In continuation of the commemoration of the 70 years of diplomatic relations between Canada and Cuba, Themuseum invited Dr. Mariela Castro Espin, director of the Cuban National Center for Sex Education, to hold a lecture titled “Raising LGBTQ Awareness Through Art.” The lecture, held Nov. 23, is one of many aspects of the exhibit <em>The Havana Dialogues — 70 Years of Canadian-Cuban Diplomatic Relations</em>.</p>
Castro Espin, daughter to the current Cuban president, is one of the biggest leaders in Cuba in advocating for LGBTQ rights and spreading the messages of the many issues involved with the community and homophobia through art.
“I am an advocate for sex education in Cuba, and have been working towards creating positive change for almost 30 years,” said Castro Espin, according to a press release from Themuseum. As well as being a director, she is also an active member of the National Committee of the Federation of Cuban Women, and chairs the specialized magazine, Sexología y Sociedad (Sexology and Society). Castro Espin is also the president of the National Commission for the Comprehensive Care of Transsexual People and is part of numerous international committees relating to gender and sexual health.
Castro Espin met with members of the LGBTQ community in the Waterloo Region to hear their stories and to learn from the resources in Canada. “Though we are different countries, we can learn a lot through each other,” explained Castro Espin. After a tour around the resources in Southern Ontario, including Toronto, she went on to question “How in Canada, if there are so many resources, why are there suicides in the LGBTQ community, when in Cuba, where there are no resources, there are no suicides?” This blanket statement was later on answered when an audience member raised the question of the Cuban government’s annual survey, and Castro Espin replied that it is difficult to get an exact number of members in the LGBTQ community in Cuba due to the high amount of homophobia in the country. Many times family members are not aware or will not accept that other members are not heterosexual.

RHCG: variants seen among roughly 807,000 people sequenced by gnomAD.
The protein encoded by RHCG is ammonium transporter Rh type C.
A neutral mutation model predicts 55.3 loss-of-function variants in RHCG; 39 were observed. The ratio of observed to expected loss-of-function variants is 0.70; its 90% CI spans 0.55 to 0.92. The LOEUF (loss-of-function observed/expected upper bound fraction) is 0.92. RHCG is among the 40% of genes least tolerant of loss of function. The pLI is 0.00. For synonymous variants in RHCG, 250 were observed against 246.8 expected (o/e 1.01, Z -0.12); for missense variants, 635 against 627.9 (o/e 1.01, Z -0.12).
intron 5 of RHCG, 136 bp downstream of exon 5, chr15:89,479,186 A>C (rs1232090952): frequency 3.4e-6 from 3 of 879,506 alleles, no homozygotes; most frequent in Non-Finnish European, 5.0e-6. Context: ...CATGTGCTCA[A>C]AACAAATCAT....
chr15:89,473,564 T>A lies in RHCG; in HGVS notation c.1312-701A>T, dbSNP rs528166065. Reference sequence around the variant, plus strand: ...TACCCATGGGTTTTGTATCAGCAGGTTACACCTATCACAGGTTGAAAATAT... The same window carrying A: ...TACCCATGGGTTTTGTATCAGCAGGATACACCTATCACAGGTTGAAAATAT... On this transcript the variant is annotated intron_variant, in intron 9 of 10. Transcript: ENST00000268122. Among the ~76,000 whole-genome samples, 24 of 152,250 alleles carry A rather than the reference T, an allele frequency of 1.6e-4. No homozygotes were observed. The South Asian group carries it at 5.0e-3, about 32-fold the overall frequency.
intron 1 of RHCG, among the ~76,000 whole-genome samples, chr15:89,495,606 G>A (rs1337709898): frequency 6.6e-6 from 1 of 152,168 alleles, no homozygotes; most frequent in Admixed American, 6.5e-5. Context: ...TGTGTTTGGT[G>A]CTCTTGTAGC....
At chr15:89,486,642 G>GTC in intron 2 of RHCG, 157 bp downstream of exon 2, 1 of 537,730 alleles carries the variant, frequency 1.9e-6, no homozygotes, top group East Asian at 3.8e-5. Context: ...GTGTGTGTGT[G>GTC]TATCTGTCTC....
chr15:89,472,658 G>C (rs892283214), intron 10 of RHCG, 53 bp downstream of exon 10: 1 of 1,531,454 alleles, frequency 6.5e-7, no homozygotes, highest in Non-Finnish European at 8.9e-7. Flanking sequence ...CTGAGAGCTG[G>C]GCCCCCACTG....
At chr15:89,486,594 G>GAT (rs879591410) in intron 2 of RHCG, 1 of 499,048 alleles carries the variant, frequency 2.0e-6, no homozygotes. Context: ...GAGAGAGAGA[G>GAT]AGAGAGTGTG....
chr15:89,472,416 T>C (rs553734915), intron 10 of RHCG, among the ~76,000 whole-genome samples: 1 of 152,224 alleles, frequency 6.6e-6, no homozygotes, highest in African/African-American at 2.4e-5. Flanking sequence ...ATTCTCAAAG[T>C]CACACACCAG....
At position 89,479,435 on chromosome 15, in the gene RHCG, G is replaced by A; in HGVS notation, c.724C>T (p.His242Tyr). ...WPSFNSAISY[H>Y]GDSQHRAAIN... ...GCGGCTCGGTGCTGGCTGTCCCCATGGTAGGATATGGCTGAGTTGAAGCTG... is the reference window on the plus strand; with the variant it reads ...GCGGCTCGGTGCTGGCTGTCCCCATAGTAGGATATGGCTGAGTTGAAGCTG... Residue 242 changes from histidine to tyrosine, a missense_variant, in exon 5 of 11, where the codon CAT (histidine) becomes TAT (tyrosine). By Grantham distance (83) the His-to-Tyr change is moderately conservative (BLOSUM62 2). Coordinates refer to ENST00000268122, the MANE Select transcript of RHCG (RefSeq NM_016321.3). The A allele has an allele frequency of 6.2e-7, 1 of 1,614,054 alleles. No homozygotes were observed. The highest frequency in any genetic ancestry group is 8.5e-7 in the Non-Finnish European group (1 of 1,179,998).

“The Gay Pride Parade that I had seen in other countries, I didn’t think was going to work in Cuba,” said Castro Espin. “The Cuban homophobia would not accept it and our objective is not to provoke but to gain allies.” Her solution was to propose a “Conga against Homophobia and Transphobia,” hoping to avoid the “patriarchal” sense she understood in other Gay Pride Parades. “We thought it would be better to focus on the problem: homophobia, not being gay,” explained Castro Espin. The Congas are gaining popularity in Cuba and Castro Espin invited all present at the lecture to join them in Havana in May 2016 for the next Conga.
The fight against homophobia is omnipresent in Cuba, but Castro Espin and her team have planned to spend the next two years focusing on homophobia in the family, the two after that on homophobia in the workplace, and lastly two years on homophobia in the education system. The homophobia and transphobia they are currently fighting in the family is evident through Castro Espin’s story about how a gay family member found his grandmother, in the Conga and had to explain that the Conga she was dancing in was to abolish homophobia and transphobia. The grandmother who had taken part in the dancing to support Castro Espin, left promptly after realizing that Castro Espin was advocating for the LGBTQ community. The grandmother did not realize her grandson was gay.
Something Canada can learn from Castro Espin and her advocating is the rhetoric used. “We do not promote segregation. We call ourselves the LGBTQHI,” explained Castro Espin. “The H stands for heterosexual, because if we use the word community we are segregating them, and we are all part of only one community.”